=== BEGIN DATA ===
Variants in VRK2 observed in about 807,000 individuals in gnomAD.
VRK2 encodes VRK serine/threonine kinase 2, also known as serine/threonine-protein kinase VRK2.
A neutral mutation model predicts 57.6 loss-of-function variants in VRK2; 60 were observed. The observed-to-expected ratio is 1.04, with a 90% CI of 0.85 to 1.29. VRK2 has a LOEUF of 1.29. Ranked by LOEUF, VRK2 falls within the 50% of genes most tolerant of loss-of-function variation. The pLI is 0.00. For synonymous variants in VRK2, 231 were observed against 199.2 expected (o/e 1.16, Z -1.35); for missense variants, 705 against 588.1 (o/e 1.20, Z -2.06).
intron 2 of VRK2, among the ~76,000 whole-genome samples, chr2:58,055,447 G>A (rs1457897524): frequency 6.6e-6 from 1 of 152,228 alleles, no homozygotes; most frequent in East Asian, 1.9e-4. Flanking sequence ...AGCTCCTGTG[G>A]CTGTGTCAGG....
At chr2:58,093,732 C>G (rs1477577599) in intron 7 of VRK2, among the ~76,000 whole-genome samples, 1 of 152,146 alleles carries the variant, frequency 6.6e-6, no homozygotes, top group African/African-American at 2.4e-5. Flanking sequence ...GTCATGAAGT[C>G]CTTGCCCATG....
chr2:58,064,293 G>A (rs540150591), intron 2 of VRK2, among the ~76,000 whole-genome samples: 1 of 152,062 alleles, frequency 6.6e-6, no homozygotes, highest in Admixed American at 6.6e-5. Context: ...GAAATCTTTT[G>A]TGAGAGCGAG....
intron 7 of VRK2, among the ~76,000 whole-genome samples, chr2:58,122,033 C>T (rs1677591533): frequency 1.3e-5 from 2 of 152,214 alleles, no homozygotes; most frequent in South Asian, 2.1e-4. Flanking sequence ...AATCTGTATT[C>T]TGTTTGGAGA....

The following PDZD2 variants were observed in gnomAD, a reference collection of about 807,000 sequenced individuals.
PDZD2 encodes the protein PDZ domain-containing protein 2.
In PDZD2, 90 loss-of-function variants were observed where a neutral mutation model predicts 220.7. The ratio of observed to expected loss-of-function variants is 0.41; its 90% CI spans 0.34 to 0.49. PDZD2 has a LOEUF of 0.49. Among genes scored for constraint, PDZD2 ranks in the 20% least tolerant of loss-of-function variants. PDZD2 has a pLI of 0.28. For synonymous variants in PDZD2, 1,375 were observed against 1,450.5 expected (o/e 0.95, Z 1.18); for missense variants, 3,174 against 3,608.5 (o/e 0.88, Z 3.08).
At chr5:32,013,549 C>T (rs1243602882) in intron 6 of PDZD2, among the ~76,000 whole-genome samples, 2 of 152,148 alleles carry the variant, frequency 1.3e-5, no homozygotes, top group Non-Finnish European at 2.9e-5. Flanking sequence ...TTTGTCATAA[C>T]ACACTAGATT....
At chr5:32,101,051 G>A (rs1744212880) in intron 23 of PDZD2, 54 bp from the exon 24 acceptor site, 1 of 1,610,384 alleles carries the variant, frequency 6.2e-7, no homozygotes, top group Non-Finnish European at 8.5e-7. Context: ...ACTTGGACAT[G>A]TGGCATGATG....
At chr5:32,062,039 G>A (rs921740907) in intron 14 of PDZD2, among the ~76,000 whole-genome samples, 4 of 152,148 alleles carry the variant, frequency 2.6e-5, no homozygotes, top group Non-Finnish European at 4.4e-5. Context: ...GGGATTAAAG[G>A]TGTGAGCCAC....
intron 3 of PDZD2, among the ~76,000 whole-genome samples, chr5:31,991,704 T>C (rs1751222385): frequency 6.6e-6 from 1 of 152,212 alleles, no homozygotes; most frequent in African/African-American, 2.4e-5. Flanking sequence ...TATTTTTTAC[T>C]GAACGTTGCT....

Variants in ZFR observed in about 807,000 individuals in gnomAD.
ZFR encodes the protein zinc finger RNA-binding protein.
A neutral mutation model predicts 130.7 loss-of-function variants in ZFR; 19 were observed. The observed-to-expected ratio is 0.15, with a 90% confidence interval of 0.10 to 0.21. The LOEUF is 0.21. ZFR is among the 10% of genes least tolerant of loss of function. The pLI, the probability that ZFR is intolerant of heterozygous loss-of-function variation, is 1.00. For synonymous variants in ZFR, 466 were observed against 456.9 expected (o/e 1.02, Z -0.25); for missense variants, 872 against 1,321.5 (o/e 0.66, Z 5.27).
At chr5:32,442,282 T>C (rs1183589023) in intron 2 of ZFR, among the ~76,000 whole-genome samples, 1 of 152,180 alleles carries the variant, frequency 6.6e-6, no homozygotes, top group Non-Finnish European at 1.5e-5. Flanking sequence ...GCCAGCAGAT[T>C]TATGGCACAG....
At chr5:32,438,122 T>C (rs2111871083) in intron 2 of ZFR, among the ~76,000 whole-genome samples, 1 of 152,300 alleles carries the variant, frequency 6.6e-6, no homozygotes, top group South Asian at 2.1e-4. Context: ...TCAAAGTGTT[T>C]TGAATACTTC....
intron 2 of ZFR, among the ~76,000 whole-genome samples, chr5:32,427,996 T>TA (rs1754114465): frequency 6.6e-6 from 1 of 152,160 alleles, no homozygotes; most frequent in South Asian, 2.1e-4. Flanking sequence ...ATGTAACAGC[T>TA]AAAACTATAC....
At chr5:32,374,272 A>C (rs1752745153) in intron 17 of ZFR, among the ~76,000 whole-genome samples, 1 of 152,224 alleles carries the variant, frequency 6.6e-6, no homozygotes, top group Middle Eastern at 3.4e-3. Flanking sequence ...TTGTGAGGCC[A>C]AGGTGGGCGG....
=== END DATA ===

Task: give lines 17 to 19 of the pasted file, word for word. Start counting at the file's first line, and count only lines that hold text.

A neutral mutation model predicts 130.7 loss-of-function variants in ZFR; 19 were observed. The observed-to-expected ratio is 0.15, with a 90% confidence interval of 0.10 to 0.21. The LOEUF is 0.21. ZFR is among the 10% of genes least tolerant of loss of function. The pLI, the probability that ZFR is intolerant of heterozygous loss-of-function variation, is 1.00. For synonymous variants in ZFR, 466 were observed against 456.9 expected (o/e 1.02, Z -0.25); for missense variants, 872 against 1,321.5 (o/e 0.66, Z 5.27).
At chr5:32,442,282 T>C (rs1183589023) in intron 2 of ZFR, among the ~76,000 whole-genome samples, 1 of 152,180 alleles carries the variant, frequency 6.6e-6, no homozygotes, top group Non-Finnish European at 1.5e-5. Flanking sequence ...GCCAGCAGAT[T>C]TATGGCACAG....
At chr5:32,438,122 T>C (rs2111871083) in intron 2 of ZFR, among the ~76,000 whole-genome samples, 1 of 152,300 alleles carries the variant, frequency 6.6e-6, no homozygotes, top group South Asian at 2.1e-4. Context: ...TCAAAGTGTT[T>C]TGAATACTTC....